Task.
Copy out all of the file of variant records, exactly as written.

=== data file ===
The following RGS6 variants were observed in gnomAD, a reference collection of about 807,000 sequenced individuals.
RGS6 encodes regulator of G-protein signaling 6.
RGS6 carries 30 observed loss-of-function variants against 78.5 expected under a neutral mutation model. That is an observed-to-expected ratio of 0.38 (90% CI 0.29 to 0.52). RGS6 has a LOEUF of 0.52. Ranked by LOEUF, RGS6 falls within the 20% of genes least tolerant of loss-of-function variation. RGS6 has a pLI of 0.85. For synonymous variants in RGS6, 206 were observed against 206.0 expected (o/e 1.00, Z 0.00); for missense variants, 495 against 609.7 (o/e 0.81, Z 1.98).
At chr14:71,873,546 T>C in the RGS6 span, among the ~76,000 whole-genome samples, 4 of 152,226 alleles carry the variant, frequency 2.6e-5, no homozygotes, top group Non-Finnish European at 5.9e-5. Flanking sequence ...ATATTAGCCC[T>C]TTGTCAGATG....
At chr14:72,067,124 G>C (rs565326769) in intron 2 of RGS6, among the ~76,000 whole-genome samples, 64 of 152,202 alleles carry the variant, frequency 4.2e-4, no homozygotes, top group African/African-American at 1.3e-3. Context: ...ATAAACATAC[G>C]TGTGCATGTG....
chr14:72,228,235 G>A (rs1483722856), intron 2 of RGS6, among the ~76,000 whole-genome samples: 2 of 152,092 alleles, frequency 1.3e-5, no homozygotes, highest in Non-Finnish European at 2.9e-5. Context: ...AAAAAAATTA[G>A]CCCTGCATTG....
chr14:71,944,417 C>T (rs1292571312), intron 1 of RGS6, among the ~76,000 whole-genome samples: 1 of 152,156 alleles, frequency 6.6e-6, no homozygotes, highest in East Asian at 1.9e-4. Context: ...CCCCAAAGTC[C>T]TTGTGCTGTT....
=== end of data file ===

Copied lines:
The following RGS6 variants were observed in gnomAD, a reference collection of about 807,000 sequenced individuals.
RGS6 encodes regulator of G-protein signaling 6.
RGS6 carries 30 observed loss-of-function variants against 78.5 expected under a neutral mutation model. That is an observed-to-expected ratio of 0.38 (90% CI 0.29 to 0.52). RGS6 has a LOEUF of 0.52. Ranked by LOEUF, RGS6 falls within the 20% of genes least tolerant of loss-of-function variation. RGS6 has a pLI of 0.85. For synonymous variants in RGS6, 206 were observed against 206.0 expected (o/e 1.00, Z 0.00); for missense variants, 495 against 609.7 (o/e 0.81, Z 1.98).
At chr14:71,873,546 T>C in the RGS6 span, among the ~76,000 whole-genome samples, 4 of 152,226 alleles carry the variant, frequency 2.6e-5, no homozygotes, top group Non-Finnish European at 5.9e-5. Flanking sequence ...ATATTAGCCC[T>C]TTGTCAGATG....
At chr14:72,067,124 G>C (rs565326769) in intron 2 of RGS6, among the ~76,000 whole-genome samples, 64 of 152,202 alleles carry the variant, frequency 4.2e-4, no homozygotes, top group African/African-American at 1.3e-3. Context: ...ATAAACATAC[G>C]TGTGCATGTG....
chr14:72,228,235 G>A (rs1483722856), intron 2 of RGS6, among the ~76,000 whole-genome samples: 2 of 152,092 alleles, frequency 1.3e-5, no homozygotes, highest in Non-Finnish European at 2.9e-5. Context: ...AAAAAAATTA[G>A]CCCTGCATTG....
chr14:71,944,417 C>T (rs1292571312), intron 1 of RGS6, among the ~76,000 whole-genome samples: 1 of 152,156 alleles, frequency 6.6e-6, no homozygotes, highest in East Asian at 1.9e-4. Context: ...CCCCAAAGTC[C>T]TTGTGCTGTT....